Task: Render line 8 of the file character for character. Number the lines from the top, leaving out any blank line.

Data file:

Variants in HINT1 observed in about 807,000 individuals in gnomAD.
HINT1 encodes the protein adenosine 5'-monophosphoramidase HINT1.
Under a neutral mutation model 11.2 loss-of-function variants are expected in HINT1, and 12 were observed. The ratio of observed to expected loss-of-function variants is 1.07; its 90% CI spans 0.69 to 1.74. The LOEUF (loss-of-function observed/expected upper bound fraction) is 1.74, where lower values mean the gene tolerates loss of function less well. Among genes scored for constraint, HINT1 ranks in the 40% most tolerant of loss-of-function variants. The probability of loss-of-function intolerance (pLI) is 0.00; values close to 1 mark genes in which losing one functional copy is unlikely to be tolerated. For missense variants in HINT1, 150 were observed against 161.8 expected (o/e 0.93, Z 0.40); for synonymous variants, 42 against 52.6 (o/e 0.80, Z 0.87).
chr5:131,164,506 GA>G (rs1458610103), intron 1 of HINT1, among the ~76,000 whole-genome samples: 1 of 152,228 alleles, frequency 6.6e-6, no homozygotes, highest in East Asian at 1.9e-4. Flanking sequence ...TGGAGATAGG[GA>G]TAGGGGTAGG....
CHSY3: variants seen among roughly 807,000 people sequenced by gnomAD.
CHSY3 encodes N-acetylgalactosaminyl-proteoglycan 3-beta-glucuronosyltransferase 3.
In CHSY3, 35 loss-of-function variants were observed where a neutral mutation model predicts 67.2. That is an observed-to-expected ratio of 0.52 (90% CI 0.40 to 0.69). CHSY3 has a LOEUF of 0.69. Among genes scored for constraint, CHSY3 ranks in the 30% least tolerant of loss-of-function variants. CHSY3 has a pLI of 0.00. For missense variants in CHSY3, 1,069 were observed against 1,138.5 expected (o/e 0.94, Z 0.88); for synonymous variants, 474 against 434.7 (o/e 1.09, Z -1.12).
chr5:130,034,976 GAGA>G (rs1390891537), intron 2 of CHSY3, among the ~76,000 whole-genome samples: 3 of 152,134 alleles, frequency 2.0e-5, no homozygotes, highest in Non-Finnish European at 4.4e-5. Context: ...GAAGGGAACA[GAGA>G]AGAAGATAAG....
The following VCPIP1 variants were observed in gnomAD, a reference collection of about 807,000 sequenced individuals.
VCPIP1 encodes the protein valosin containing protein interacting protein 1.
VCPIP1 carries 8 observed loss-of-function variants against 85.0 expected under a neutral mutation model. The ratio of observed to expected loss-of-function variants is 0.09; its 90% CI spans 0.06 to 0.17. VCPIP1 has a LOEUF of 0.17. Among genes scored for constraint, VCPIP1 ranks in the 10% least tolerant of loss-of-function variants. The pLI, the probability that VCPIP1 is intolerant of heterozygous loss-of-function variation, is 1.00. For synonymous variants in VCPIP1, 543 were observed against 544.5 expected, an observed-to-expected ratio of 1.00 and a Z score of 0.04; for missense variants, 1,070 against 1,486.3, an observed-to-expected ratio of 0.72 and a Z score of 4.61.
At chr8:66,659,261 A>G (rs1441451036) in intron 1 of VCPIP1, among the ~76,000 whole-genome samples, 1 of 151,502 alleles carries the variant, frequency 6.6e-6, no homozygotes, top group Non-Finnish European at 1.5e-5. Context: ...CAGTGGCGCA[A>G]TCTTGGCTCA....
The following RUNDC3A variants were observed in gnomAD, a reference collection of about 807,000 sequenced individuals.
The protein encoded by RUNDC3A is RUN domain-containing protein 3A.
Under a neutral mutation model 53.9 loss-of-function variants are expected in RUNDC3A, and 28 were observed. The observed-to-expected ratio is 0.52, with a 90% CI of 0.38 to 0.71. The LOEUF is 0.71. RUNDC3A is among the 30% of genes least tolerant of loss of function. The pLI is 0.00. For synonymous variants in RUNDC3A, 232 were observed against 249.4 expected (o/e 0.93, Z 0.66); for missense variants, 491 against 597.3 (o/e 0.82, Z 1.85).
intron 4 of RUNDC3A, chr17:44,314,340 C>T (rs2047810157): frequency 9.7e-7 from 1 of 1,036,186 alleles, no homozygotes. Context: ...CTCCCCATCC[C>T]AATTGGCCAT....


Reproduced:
chr5:130,034,976 GAGA>G (rs1390891537), intron 2 of CHSY3, among the ~76,000 whole-genome samples: 3 of 152,134 alleles, frequency 2.0e-5, no homozygotes, highest in Non-Finnish European at 4.4e-5. Context: ...GAAGGGAACA[GAGA>G]AGAAGATAAG....